This title was borrowed by Oxford professor Ronald Syme (1903-1989), who is considered to be one of the greatest historians of his age, although his contribution to the study of history is limited to the introduction of the techniques and results of German scholarship into the Anglo-Saxon world. His book on the The Roman Revolution appeared in the week that the Second World War broke out, and this is significant: being confronted with tyrants like Stalin, Hitler, and Mussolini, Syme was unable to share Mommsen's enthusiasm for heroic legislators and one-person rule. As his title shows, Syme agreed with Gelzer's thesis that Caesar was an exponent of a larger process, in which the old aristocracy was replaced by a larger nobility.

Gelzer, however, had created a new problem: if we are to regard Caesar's acts as part of a larger process, we must explain how this process came into being. In spite of his declared ignorance of sociology, Syme borrowed the concept of competitive elitism from Mommsen's brilliant pupil Max Weber (1864-1920). Competitive elitism was Weber's concept of democracy: there were several factions, which were contending with each other to gain power, and (combinations of) these factions balanced each other. The people that mattered were the members of the faction elites, and it has sometimes been argued that Weber in fact vindicated oligarchy.

Syme was of the opinion that the Late Republic had indeed several competing elites. He pointed at the Licinius family, which grouped around Lucullus and Crassus; the kinsmen of Cato; the Julius and Marius families; the relatives of Pompey; and of course the Octavii. In his reconstruction of the events, the optimates and populares were not political parties (as Mommsen had thought). These words signified two approaches to legitimacy. Optimates thought that a decision was legitimate when it was made in the Senate, the populares tried to reach their aims in the People's Assembly. The family factions that Syme postulated were free to use both ways, and in fact did use both ways. The Julian faction had a tendency to have its policy validated in the People's Assembly, but in 49 Caesar was anxious to receive ratification in the Senate; on the other hand, Cato's faction used optimate ways, but Cato was not above increasing the number of recipients of the grainn dole.

Caesar, in Syme's opinion, was a Roman aristocrat who was able to surpass his fellow aristocrats because he found support outside Italy. An important instrument to gain this support was his lavish distribution of citizenship; this was not an aim in itself, it was just a tool. Caesar simply wanted to be the first among his equals.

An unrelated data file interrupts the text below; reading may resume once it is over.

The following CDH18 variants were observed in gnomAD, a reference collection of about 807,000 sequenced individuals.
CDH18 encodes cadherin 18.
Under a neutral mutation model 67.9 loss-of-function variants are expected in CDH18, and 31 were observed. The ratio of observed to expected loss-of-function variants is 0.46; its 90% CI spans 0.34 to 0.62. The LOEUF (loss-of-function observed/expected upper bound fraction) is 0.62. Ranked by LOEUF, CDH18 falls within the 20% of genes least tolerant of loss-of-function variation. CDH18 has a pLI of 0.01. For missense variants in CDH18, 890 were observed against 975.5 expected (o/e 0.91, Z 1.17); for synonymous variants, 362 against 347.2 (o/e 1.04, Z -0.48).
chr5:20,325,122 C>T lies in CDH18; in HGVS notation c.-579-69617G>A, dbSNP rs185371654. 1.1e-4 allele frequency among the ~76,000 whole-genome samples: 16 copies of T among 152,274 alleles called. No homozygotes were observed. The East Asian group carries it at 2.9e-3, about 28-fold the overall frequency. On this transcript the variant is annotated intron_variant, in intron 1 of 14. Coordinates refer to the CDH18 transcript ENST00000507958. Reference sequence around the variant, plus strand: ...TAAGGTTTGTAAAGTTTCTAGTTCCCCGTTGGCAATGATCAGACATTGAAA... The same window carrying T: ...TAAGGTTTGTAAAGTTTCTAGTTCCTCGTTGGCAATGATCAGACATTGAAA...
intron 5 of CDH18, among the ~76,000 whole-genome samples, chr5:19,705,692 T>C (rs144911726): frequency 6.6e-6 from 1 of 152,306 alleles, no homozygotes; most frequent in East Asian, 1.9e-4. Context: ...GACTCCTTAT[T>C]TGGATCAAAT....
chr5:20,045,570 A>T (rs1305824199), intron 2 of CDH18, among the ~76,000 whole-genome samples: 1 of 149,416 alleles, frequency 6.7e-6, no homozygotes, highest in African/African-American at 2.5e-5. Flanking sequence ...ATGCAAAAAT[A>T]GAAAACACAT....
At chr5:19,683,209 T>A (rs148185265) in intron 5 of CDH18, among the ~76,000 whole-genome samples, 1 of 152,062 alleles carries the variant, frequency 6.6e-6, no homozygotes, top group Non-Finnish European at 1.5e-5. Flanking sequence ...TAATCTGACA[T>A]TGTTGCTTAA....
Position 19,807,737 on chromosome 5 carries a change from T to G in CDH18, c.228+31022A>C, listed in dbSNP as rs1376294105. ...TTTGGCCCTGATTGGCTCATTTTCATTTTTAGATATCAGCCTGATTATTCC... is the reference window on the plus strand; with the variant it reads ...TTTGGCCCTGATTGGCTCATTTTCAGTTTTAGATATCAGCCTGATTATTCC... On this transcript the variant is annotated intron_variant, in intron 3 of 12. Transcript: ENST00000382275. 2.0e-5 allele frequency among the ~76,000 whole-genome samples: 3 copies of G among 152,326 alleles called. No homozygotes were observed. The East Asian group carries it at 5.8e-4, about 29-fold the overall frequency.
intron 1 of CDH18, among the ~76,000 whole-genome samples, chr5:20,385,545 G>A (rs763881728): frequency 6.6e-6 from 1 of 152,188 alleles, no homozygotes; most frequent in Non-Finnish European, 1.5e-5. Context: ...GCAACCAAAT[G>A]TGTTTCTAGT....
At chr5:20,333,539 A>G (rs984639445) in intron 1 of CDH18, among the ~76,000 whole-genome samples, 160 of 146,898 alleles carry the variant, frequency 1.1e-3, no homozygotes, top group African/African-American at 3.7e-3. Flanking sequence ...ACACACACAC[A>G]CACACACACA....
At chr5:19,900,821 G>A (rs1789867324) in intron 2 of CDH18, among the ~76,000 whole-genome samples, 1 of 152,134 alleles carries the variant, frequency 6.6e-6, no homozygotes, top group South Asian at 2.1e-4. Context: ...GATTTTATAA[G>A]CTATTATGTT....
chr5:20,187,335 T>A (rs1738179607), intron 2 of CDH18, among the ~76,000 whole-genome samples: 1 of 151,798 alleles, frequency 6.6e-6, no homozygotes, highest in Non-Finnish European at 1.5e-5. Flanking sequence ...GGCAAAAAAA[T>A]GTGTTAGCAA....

Syme writes:

"They would have it thus," said Caesar as he gazed upon the Roman dead at Pharsalus, half in patriot grief for the havoc of civil war, half in impatience and resentment. They had cheated Caesar of the true glory of a Roman aristocrat - to contend with his peers for primacy, not to destroy them. His enemies had the laugh of him in death. Even Pharsalus was not the end. His former ally, the great Pompeius, glorious from victories in all quarters of the world, lay unburied on an Egyptian beach, slain by a renegade Roman, the hireling of a foreign king. Dead, too, and killed by Romans, were Caesar's rivals and enemies, many illustrious consulars. [...] Cato chose to fall by his own hand rather than witness the domination of Caesar and the destruction of the Free State.

That was the nemesis of ambition and glory, to be thwarted in the end. After such wreckage, the task of rebuilding confronted him, stern and thankless. Without the sincere and patriotic co-operation of the governing class, the attempt would be all in vain, the mere creation of arbitrary power, doomed to perish in violence [...] Under these unfavourable auspices, [...] Caesar established his Dictatorship. [....] In the short time at his disposal he can hardly have made plans for a long future or laid the foundation of a consistent government. Whatever it might be, it would owe more to the needs of the moment than to alien or theoretical models.

Syme's dislike of one-person rule was shared by most people after the Second World War. As a consequence, Caesar has more or less disappeared as a subject worthy of study; of course there were publications about (aspects of) his career, but there were no great innovations. At the moment, most historians will agree with Syme and disagree with Mommsen.

On the other hand, Syme's view wears out rapidly. It can be argued that his "factions" resemble the cliques that ran universities in the first half of the twentieth century. Syme's belief in family loyalty seems not very realistic and has already been challenged. Future generations of historians will certainly find new ways to evaluate Caesar. In fact, they must.